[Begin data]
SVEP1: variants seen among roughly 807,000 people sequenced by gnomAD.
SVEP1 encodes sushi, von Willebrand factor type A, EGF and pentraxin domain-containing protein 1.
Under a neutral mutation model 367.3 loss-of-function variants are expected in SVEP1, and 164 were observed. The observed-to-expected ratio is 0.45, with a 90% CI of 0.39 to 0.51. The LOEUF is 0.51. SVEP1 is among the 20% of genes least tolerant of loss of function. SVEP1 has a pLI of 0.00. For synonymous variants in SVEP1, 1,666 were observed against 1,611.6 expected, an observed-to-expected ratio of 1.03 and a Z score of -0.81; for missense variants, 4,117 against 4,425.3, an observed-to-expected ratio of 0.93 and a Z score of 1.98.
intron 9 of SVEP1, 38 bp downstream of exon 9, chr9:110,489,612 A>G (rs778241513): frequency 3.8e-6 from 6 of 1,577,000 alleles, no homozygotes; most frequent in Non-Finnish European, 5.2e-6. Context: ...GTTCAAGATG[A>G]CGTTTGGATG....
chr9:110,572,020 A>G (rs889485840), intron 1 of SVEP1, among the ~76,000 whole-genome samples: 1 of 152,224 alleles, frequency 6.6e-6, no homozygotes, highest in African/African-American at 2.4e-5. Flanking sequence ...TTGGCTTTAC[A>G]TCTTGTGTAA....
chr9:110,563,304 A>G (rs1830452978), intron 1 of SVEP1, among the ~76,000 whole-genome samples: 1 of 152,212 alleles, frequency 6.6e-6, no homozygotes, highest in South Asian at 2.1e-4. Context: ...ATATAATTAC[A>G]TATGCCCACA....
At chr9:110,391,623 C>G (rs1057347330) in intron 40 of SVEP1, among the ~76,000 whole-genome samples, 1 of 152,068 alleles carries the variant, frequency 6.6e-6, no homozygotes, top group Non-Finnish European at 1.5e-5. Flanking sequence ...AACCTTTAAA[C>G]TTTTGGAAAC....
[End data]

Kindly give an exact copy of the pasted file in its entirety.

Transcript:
SVEP1: variants seen among roughly 807,000 people sequenced by gnomAD.
SVEP1 encodes sushi, von Willebrand factor type A, EGF and pentraxin domain-containing protein 1.
Under a neutral mutation model 367.3 loss-of-function variants are expected in SVEP1, and 164 were observed. The observed-to-expected ratio is 0.45, with a 90% CI of 0.39 to 0.51. The LOEUF is 0.51. SVEP1 is among the 20% of genes least tolerant of loss of function. SVEP1 has a pLI of 0.00. For synonymous variants in SVEP1, 1,666 were observed against 1,611.6 expected, an observed-to-expected ratio of 1.03 and a Z score of -0.81; for missense variants, 4,117 against 4,425.3, an observed-to-expected ratio of 0.93 and a Z score of 1.98.
intron 9 of SVEP1, 38 bp downstream of exon 9, chr9:110,489,612 A>G (rs778241513): frequency 3.8e-6 from 6 of 1,577,000 alleles, no homozygotes; most frequent in Non-Finnish European, 5.2e-6. Context: ...GTTCAAGATG[A>G]CGTTTGGATG....
chr9:110,572,020 A>G (rs889485840), intron 1 of SVEP1, among the ~76,000 whole-genome samples: 1 of 152,224 alleles, frequency 6.6e-6, no homozygotes, highest in African/African-American at 2.4e-5. Flanking sequence ...TTGGCTTTAC[A>G]TCTTGTGTAA....
chr9:110,563,304 A>G (rs1830452978), intron 1 of SVEP1, among the ~76,000 whole-genome samples: 1 of 152,212 alleles, frequency 6.6e-6, no homozygotes, highest in South Asian at 2.1e-4. Context: ...ATATAATTAC[A>G]TATGCCCACA....
At chr9:110,391,623 C>G (rs1057347330) in intron 40 of SVEP1, among the ~76,000 whole-genome samples, 1 of 152,068 alleles carries the variant, frequency 6.6e-6, no homozygotes, top group Non-Finnish European at 1.5e-5. Flanking sequence ...AACCTTTAAA[C>G]TTTTGGAAAC....